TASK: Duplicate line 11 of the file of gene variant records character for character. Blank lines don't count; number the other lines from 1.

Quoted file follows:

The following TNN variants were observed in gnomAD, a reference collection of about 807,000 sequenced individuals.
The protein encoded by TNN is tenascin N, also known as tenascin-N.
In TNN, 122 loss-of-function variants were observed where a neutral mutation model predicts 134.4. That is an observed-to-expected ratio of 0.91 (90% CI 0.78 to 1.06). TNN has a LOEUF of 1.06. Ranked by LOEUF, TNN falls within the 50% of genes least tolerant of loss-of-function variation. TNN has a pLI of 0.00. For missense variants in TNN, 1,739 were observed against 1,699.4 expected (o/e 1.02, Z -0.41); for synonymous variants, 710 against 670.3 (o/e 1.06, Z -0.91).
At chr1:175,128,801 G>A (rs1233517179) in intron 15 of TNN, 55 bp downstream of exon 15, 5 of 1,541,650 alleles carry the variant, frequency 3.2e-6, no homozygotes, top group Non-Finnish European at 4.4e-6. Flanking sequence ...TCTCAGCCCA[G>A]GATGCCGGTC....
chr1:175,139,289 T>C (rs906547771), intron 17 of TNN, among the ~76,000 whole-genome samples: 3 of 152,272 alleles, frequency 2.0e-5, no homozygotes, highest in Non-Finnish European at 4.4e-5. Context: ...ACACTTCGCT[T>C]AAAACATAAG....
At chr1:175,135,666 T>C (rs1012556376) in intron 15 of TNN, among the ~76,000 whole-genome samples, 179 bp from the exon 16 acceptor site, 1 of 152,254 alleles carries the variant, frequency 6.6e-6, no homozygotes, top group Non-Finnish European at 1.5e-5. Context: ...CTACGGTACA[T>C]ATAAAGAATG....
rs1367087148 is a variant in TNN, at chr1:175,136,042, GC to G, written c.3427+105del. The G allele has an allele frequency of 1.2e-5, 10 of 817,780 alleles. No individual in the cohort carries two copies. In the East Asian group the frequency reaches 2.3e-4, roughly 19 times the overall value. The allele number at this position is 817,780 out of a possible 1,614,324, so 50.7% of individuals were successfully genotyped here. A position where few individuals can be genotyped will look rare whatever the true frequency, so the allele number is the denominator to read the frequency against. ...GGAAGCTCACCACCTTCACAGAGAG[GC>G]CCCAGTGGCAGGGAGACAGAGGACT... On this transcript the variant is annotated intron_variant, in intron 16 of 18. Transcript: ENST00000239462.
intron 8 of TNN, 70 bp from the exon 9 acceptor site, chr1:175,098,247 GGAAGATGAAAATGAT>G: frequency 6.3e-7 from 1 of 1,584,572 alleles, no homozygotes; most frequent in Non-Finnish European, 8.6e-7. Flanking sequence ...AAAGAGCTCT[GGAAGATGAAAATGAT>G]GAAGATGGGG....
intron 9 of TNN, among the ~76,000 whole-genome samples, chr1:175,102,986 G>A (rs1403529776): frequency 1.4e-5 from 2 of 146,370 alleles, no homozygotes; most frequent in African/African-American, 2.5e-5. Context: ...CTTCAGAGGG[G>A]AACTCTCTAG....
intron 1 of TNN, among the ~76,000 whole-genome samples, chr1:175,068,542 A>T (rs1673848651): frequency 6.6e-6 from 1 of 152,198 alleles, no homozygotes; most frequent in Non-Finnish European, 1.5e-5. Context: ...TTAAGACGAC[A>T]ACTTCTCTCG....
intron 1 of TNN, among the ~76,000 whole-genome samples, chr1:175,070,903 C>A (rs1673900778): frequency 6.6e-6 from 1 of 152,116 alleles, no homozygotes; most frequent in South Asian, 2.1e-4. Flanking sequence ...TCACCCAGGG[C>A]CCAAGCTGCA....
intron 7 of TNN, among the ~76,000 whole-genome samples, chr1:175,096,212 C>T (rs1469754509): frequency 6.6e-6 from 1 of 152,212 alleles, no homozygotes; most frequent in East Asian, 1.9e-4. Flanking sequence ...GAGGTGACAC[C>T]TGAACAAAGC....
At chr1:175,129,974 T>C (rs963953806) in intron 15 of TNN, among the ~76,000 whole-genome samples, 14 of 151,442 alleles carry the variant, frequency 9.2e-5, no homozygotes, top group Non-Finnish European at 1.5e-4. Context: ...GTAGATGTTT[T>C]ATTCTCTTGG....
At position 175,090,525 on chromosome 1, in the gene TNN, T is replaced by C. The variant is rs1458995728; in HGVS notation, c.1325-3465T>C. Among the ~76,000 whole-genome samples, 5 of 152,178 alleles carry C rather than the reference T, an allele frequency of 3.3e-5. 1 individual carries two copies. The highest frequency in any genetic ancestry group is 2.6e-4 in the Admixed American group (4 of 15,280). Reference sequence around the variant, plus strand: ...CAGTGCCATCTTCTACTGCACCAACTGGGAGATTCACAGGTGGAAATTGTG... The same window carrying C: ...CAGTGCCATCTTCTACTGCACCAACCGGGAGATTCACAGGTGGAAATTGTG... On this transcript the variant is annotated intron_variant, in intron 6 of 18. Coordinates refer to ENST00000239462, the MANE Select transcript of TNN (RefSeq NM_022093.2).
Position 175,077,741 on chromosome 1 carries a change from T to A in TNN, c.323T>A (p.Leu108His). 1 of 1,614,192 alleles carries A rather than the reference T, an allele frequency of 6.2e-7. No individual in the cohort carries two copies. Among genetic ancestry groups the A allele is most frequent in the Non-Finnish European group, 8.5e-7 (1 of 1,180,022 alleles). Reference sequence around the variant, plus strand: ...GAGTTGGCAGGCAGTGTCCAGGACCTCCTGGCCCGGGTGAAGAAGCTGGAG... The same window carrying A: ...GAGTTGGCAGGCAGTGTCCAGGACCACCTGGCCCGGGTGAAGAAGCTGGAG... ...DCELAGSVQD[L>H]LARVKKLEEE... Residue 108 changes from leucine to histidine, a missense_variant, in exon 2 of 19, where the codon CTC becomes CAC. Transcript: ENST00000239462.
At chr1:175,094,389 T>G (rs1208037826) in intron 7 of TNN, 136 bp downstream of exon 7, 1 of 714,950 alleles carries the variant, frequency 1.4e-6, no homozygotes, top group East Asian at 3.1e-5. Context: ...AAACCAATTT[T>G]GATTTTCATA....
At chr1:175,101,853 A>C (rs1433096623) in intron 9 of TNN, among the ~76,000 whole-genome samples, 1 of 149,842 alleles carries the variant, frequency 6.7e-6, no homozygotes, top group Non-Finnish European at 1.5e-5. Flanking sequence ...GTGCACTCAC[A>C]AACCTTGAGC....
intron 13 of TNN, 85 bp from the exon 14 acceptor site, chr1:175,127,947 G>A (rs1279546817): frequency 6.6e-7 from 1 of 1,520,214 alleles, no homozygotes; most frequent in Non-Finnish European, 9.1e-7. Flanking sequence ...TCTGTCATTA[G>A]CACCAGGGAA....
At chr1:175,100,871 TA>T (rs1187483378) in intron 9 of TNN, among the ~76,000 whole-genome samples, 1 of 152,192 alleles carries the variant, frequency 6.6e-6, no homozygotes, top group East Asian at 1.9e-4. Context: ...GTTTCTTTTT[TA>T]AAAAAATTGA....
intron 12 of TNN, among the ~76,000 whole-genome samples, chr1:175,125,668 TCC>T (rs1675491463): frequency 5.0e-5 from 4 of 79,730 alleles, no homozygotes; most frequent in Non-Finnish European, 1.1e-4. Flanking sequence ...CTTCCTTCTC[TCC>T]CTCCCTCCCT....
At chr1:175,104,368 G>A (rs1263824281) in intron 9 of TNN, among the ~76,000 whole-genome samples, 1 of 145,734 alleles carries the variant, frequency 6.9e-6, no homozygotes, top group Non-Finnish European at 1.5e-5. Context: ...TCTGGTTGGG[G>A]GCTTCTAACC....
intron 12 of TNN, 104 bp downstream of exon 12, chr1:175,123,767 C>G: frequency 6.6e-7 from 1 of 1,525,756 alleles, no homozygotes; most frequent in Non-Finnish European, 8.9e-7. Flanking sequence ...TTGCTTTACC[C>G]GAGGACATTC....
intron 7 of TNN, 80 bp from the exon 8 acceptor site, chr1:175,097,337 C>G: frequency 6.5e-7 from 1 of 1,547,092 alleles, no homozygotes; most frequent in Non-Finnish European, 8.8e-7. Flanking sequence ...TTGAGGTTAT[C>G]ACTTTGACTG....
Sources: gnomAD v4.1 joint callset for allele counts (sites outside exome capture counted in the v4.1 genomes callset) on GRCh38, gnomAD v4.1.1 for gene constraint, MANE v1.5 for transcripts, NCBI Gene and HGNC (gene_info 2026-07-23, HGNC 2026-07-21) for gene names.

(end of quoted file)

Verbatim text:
intron 1 of TNN, among the ~76,000 whole-genome samples, chr1:175,070,903 C>A (rs1673900778): frequency 6.6e-6 from 1 of 152,116 alleles, no homozygotes; most frequent in South Asian, 2.1e-4. Flanking sequence ...TCACCCAGGG[C>A]CCAAGCTGCA....